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Compliance五月 20, 2024

Business compliance requirements & consequences

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After incorporating a business or forming an LLC, prepare yourself for ongoing compliance requirements. Failing to regularly meet ongoing requirements in a timely manner can have big consequences for small businesses.

Internal requirements for LLCs and corporation

Business compliance requirements fall into two categories: internal and external. Internal requirements are actions that must be taken within the corporation or limited liability company by the directors and shareholders or members and managers, respectively. Although they are the most commonly overlooked, internal requirements must be documented as part of company records. It may be necessary to present these records when selling the company or in the event of a lawsuit.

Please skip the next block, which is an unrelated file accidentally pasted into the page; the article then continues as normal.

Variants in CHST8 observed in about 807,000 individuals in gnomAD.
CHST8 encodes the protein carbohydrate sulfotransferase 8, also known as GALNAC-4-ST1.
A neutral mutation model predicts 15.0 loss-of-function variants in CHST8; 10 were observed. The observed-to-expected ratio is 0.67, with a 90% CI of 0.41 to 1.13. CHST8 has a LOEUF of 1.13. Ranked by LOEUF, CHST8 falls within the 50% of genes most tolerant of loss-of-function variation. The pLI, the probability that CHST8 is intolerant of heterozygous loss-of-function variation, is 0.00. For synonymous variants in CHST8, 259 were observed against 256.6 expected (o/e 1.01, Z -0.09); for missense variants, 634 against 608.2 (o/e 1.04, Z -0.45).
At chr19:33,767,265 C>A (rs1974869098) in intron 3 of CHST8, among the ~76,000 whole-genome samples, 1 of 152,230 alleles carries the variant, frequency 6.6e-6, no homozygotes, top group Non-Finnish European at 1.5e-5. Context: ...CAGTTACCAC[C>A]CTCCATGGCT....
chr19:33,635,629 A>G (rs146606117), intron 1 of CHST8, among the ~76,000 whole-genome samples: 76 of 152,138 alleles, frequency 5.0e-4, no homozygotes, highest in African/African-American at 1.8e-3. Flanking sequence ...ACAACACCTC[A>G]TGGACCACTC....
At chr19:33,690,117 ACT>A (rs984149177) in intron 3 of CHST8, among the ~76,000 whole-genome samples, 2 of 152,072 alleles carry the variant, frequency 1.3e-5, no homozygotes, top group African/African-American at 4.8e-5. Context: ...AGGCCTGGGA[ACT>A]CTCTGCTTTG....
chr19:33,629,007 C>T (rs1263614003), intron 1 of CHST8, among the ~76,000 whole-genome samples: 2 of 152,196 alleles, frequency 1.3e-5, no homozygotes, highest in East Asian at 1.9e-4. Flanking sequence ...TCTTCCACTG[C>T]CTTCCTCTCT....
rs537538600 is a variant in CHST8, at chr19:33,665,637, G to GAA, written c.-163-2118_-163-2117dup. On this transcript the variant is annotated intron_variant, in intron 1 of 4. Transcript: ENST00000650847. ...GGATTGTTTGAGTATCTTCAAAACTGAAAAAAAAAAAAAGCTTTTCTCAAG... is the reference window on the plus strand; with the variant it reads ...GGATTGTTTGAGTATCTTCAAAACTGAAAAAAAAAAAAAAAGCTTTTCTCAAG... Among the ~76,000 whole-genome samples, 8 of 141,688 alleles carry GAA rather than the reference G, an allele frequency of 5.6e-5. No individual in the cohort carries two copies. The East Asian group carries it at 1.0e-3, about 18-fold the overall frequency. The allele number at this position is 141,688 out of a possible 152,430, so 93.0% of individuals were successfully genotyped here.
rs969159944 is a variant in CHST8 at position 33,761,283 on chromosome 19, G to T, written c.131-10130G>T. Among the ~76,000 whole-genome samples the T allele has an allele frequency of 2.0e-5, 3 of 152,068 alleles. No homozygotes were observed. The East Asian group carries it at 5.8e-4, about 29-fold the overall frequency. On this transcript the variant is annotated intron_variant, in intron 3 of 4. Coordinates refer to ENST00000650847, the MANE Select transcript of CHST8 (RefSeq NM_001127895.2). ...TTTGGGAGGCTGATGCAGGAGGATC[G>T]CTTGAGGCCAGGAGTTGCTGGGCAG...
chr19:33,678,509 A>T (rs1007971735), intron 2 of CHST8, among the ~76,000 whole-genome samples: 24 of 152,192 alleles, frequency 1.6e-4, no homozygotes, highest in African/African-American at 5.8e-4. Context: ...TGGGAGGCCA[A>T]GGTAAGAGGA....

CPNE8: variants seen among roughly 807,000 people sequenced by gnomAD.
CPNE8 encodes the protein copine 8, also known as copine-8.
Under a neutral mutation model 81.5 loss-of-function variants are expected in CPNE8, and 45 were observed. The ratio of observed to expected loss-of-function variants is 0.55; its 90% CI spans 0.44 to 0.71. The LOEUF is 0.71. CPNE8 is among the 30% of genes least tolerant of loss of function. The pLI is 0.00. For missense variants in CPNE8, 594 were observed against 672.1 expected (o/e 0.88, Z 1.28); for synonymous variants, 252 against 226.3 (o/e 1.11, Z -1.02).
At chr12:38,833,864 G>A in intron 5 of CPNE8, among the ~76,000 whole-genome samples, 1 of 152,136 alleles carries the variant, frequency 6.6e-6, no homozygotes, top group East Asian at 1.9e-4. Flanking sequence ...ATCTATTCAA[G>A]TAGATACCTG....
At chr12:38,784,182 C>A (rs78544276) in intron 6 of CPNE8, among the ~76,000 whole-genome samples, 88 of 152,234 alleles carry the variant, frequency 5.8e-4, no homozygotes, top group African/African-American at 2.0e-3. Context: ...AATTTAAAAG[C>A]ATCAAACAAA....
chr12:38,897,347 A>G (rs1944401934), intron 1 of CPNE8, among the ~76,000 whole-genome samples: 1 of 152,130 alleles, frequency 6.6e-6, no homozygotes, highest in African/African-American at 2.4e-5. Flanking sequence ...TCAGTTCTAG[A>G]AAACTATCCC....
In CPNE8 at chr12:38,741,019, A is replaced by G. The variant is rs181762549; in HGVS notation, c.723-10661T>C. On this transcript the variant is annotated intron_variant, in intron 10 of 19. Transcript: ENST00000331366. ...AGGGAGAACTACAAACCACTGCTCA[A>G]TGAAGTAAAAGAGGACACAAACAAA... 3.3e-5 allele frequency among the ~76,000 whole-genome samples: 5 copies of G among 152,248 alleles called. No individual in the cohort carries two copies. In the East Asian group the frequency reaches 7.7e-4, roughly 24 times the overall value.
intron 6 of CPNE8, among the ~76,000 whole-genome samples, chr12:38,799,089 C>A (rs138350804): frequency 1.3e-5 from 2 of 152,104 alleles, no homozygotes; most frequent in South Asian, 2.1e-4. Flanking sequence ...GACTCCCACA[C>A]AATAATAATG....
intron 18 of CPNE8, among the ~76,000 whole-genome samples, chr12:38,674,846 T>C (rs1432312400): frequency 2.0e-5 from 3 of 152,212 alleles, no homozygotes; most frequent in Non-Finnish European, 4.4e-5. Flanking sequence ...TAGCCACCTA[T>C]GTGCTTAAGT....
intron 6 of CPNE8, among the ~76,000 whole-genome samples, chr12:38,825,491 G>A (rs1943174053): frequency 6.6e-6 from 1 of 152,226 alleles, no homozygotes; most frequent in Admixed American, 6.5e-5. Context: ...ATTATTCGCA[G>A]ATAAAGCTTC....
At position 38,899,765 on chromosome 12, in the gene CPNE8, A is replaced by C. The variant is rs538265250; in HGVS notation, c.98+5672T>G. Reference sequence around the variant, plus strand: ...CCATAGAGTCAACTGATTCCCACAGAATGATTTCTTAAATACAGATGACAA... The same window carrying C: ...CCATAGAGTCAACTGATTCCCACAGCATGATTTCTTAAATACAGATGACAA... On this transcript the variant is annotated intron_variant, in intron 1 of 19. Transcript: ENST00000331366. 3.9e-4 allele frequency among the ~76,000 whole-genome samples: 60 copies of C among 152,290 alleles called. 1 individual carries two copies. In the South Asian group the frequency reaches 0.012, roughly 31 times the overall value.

• Corporations. Corporations (both C corporations and S corporations) have the strictest internal requirements, including holding initial and annual director and shareholder meetings, adopting and maintaining updated bylaws, issuing stock to shareholders, and recording all stock transfers.
  • LLCs. While it’s not required for an LLC, it’s recommended that you maintain an updated operating agreement, issue membership shares, record all membership interest transfers and hold annual meetings of members and also of managers, if the LLC is manager-managed.
  • Compliance kit. Many small business owners use a compliance kit to organize records. These include items such as sample bylaws or operating agreement, stock or membership interest certificates and transfer ledger, a corporate or LLC seal, and sample meeting minutes.
  • Document templates. Templates for bylaws, operating agreements and meeting minutes can simplify the internal compliance process and are usually provided by your incorporation service provider if you incorporate online.

External requirements for LLCs and corporations

External requirements are primarily imposed by the state in which your business is incorporated and any state where it is registered to transact business (has undergone foreign qualification). State compliance requirements often include an annual state filing (annual report) and payment of a corresponding state fee.

There is also the beneficial ownership information (BOI) reporting requirement, a new federal filing requirement that applies to many LLCs and corporations.

Here are some things to keep in mind as you address your requirements: